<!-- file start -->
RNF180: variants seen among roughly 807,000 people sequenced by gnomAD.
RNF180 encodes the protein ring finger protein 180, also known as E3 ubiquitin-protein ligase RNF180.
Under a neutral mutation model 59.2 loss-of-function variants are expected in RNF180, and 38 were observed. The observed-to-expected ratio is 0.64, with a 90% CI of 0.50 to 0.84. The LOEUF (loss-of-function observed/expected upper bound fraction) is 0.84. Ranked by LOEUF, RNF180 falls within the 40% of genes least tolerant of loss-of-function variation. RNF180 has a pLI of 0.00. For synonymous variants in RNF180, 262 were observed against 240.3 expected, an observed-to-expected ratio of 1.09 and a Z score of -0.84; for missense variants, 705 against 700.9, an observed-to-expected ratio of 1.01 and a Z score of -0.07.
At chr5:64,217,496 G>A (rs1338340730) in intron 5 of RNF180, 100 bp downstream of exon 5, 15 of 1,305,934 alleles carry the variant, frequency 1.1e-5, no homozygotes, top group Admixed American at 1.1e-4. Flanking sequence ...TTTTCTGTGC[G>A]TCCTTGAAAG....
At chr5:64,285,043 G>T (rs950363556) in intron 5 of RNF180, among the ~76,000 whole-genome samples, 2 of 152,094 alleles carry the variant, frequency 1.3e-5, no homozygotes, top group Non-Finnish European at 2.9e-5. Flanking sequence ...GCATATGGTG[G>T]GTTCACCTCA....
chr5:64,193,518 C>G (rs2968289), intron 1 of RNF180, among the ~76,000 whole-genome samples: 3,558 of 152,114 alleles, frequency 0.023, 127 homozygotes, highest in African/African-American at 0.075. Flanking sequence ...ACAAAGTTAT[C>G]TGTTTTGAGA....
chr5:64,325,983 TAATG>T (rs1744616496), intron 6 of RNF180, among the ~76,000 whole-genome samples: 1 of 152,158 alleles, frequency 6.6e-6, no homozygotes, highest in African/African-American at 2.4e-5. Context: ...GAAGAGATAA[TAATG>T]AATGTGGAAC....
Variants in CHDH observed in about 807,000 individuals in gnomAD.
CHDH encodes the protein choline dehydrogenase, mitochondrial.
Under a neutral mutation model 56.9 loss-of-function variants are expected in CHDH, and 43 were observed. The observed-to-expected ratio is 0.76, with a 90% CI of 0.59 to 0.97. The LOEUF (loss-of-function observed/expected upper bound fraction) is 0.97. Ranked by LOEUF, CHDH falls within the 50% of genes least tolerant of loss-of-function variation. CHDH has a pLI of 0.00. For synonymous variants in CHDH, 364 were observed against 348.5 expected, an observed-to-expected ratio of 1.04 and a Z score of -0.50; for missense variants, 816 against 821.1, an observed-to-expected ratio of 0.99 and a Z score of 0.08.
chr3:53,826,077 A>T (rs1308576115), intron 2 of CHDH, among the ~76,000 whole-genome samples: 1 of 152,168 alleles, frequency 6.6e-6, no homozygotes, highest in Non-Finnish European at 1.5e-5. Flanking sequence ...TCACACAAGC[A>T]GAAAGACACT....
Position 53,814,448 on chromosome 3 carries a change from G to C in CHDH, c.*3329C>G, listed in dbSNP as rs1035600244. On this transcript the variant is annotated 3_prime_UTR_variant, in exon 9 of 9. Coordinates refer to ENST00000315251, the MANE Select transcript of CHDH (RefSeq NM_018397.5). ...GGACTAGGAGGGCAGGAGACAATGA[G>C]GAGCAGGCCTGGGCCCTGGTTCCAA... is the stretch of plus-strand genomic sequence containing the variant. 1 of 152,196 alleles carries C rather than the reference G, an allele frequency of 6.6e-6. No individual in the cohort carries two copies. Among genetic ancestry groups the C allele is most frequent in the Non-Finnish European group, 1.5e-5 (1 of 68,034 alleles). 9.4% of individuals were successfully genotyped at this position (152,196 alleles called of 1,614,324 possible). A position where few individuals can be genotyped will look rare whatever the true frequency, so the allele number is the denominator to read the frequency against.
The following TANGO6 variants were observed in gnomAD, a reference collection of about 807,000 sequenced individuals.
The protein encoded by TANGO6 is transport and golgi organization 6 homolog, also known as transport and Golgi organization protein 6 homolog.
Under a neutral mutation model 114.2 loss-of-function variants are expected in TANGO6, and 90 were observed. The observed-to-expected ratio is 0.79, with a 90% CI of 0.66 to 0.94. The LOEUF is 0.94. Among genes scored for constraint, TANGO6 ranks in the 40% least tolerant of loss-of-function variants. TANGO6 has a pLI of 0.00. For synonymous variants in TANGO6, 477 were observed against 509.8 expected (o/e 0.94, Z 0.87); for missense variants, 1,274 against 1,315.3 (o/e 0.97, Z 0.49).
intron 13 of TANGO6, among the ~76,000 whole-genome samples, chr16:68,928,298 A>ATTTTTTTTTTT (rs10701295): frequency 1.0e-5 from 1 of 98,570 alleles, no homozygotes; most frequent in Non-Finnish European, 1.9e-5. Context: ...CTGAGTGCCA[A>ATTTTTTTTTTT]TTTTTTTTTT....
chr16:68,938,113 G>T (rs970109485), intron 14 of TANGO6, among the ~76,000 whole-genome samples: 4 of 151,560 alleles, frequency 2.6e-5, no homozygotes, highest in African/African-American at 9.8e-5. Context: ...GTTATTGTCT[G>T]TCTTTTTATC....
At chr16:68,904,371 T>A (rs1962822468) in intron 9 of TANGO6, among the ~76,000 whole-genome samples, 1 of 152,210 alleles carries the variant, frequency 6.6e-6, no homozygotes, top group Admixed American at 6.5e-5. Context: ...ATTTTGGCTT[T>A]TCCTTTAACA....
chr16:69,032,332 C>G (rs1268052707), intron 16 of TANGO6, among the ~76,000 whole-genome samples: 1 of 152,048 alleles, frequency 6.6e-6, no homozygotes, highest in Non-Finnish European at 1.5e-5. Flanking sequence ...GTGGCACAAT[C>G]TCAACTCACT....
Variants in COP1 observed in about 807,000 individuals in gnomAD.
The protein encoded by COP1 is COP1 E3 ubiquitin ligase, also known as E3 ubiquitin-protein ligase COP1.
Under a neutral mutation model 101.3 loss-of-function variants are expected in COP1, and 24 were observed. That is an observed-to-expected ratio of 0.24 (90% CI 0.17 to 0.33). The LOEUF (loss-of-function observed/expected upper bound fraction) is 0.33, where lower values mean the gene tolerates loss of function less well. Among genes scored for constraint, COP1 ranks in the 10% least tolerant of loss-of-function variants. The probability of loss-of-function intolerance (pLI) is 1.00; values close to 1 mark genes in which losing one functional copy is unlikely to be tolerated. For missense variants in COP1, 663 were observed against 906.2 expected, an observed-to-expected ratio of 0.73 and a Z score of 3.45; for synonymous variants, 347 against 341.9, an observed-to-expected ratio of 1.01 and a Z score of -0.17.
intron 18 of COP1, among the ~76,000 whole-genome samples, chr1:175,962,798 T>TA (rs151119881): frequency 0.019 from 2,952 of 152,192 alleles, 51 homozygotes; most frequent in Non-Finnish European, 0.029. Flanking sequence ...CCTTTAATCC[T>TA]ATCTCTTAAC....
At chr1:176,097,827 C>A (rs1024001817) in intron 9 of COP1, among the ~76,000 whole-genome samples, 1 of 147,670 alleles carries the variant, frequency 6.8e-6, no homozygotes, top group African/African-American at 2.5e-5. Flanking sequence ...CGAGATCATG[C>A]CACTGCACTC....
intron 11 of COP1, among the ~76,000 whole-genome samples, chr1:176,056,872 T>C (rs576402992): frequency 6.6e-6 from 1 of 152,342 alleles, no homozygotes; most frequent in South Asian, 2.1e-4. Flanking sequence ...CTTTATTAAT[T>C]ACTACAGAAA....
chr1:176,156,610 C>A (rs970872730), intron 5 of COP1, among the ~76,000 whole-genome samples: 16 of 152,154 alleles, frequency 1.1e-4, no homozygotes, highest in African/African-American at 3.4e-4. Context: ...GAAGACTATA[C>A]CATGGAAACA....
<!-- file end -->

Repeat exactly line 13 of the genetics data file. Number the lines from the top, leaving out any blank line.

The following TANGO6 variants were observed in gnomAD, a reference collection of about 807,000 sequenced individuals.